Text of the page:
A! Magazine for the Arts

Adriana Trigiani, Ashley Judd and Jenna Elfman who worked on “Big Stone Gap” together.

Adriana Trigiani, Ashley Judd and Jenna Elfman who worked on “Big Stone Gap” together.

More about Trigiani

June 26, 2018

Although primarily a novelist and memoirist, Adrian Trigiani has had a varied career: as an actress, playwright, writer for TV and movies, director of documentary as well as fictional films, and more recently more varied entrepreneurial endeavors, including managing Adriana Trigiani Tours, and AT Escapes, which offer travel tours inspired by her novels to Italy, Scotland, Spain and Gibraltar.

After growing up in Big Stone Gap, Virginia, Trigani attended Saint May’s College in Indiana then it was off to New York City. She made her off-Broadway debut in New York City as a playwright in 1985 at the Manhattan Theater Club with “Secrets of the Lava Lamp.” From 1988-98, she created scripts for television sitcoms, including “The Cosby Show” (1984) and its spin-off “A Different World” (1987). She was the writer and executive producer of “City Kids” for ABC/Jim Henson Productions, and she oversaw “Growing Up Funny,” a television special for Lifetime.

Trigiani began her writing career with the publication of “Big Stone Gap” (2000), followed by “Big Cherry Holler” (2001), “Milk Glass Moon” (2002) and “Home to Big Stone Gap” (2006), set in her Virginia hometown. Then came the bestselling Valentine trilogy, the tale of a woman working to save her family’s shoe company in Greenwich Village. Trigiani also wrote the Viola books for young adults about a clever teenage filmmaker from Brooklyn. Her acclaimed stand-alone novels include “Lucia, Lucia” (2003), “Rococo” (2005), “The Supreme Macaroni Company” (2013) and “All the Stars in Heaven” (2015).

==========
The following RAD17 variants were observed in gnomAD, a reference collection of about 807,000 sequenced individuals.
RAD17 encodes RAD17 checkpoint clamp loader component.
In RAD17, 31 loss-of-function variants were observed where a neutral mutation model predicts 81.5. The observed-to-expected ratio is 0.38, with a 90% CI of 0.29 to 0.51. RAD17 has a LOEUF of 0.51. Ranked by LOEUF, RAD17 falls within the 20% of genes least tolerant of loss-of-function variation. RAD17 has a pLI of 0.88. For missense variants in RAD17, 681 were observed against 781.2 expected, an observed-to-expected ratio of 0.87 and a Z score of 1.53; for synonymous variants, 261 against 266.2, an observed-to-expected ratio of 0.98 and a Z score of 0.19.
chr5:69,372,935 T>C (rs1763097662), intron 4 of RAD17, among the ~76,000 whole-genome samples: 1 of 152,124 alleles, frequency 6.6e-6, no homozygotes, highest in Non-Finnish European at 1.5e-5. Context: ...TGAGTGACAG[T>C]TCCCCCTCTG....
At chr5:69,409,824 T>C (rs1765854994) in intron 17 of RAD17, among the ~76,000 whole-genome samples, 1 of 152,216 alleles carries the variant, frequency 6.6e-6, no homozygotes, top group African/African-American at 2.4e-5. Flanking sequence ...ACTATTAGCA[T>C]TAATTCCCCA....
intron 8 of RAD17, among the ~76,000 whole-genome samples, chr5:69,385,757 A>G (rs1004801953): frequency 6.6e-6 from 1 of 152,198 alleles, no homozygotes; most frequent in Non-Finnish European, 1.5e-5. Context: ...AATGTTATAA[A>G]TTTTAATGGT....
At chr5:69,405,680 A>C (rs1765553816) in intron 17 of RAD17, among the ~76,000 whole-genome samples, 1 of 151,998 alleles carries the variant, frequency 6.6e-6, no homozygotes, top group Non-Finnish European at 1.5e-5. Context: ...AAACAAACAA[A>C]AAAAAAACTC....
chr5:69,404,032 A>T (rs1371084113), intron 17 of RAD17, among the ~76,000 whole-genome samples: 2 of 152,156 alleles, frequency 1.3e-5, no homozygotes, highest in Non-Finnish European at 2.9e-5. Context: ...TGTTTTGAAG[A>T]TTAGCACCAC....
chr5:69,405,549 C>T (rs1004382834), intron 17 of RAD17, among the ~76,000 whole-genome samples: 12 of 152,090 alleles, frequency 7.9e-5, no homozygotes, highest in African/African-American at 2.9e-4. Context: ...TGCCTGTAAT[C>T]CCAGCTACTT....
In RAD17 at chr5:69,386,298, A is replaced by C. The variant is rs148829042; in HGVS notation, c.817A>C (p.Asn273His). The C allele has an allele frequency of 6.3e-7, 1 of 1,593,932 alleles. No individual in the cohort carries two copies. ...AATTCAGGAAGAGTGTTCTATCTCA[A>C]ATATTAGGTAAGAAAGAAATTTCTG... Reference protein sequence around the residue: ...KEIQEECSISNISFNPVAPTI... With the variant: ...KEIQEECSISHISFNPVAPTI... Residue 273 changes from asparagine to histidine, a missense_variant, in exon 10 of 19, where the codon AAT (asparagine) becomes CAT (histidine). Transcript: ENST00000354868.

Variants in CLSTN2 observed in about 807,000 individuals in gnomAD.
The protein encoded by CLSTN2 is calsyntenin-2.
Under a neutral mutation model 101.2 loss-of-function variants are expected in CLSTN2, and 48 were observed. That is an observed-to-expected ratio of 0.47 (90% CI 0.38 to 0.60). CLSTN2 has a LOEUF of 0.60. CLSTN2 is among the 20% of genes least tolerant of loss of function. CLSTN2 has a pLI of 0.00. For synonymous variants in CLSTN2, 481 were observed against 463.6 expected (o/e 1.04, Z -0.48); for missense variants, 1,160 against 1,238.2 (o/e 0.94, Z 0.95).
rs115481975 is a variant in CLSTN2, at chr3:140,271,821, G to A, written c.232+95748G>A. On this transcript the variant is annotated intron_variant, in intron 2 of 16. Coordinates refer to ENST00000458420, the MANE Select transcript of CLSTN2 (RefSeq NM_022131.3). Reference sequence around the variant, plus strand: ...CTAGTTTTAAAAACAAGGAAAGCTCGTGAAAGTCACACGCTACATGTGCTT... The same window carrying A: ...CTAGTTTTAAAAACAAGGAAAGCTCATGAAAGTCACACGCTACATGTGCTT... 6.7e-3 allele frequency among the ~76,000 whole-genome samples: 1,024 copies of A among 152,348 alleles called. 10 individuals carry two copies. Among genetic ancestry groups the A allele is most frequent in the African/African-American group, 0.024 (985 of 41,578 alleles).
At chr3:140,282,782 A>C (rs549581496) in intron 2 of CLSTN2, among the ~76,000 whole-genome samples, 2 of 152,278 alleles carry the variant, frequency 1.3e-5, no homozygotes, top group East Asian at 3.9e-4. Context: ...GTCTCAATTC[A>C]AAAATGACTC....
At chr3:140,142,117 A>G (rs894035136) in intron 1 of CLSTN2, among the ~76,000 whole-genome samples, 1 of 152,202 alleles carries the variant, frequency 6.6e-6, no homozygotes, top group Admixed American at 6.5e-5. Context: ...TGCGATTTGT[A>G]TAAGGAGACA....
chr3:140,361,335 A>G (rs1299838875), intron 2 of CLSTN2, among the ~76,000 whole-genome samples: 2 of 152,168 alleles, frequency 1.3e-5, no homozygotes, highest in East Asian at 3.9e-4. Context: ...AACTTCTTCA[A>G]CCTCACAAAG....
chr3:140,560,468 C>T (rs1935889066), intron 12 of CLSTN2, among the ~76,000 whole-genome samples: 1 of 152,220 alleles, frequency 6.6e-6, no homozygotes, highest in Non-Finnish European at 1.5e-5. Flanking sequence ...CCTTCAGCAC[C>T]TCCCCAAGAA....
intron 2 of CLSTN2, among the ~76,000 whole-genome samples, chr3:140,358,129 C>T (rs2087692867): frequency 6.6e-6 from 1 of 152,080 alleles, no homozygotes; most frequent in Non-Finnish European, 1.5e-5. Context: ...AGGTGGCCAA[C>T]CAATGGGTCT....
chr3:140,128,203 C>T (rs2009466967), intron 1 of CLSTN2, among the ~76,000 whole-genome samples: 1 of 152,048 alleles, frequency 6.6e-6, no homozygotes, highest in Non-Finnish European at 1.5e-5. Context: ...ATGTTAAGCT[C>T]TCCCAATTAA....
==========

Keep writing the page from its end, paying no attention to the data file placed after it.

Trigiani has been fascinated by her Italian-American heritage in recent years. “The Shoemaker’s Wife” is the fictional account of the lives of her own grandparents after emigrating to America from Italy in the early 20th century. She also wrote and directed an award-winning documentary “Queen of The Big Time” (1996), the story of her father’s hometown of Roseto, Pennsylvania. There have also been two memoirs: “Don’t Sing at the Table: Life Lessons from My Grandmothers,” (2010) and “Cooking with My Sisters” (2004), which just was republished in a revised edition.

In 2014, Trigiani directed the major motion picture” Big Stone Gap,” a romantic comedy adaptation of her namesake bestselling novel. The award-winning ensemble cast included Ashley Judd, Whoopi Goldberg, Jane Krakowski, Jenna Elfman and Patrick Wilson. Currently she is at work on a new motion picture, “Love Me to Death.”

Trigiani lives in Greenwich Village with her husband, who is a lighting designer, a daughter, a cat and a dog.

Writers’ Day held at Virginia Highlands Festival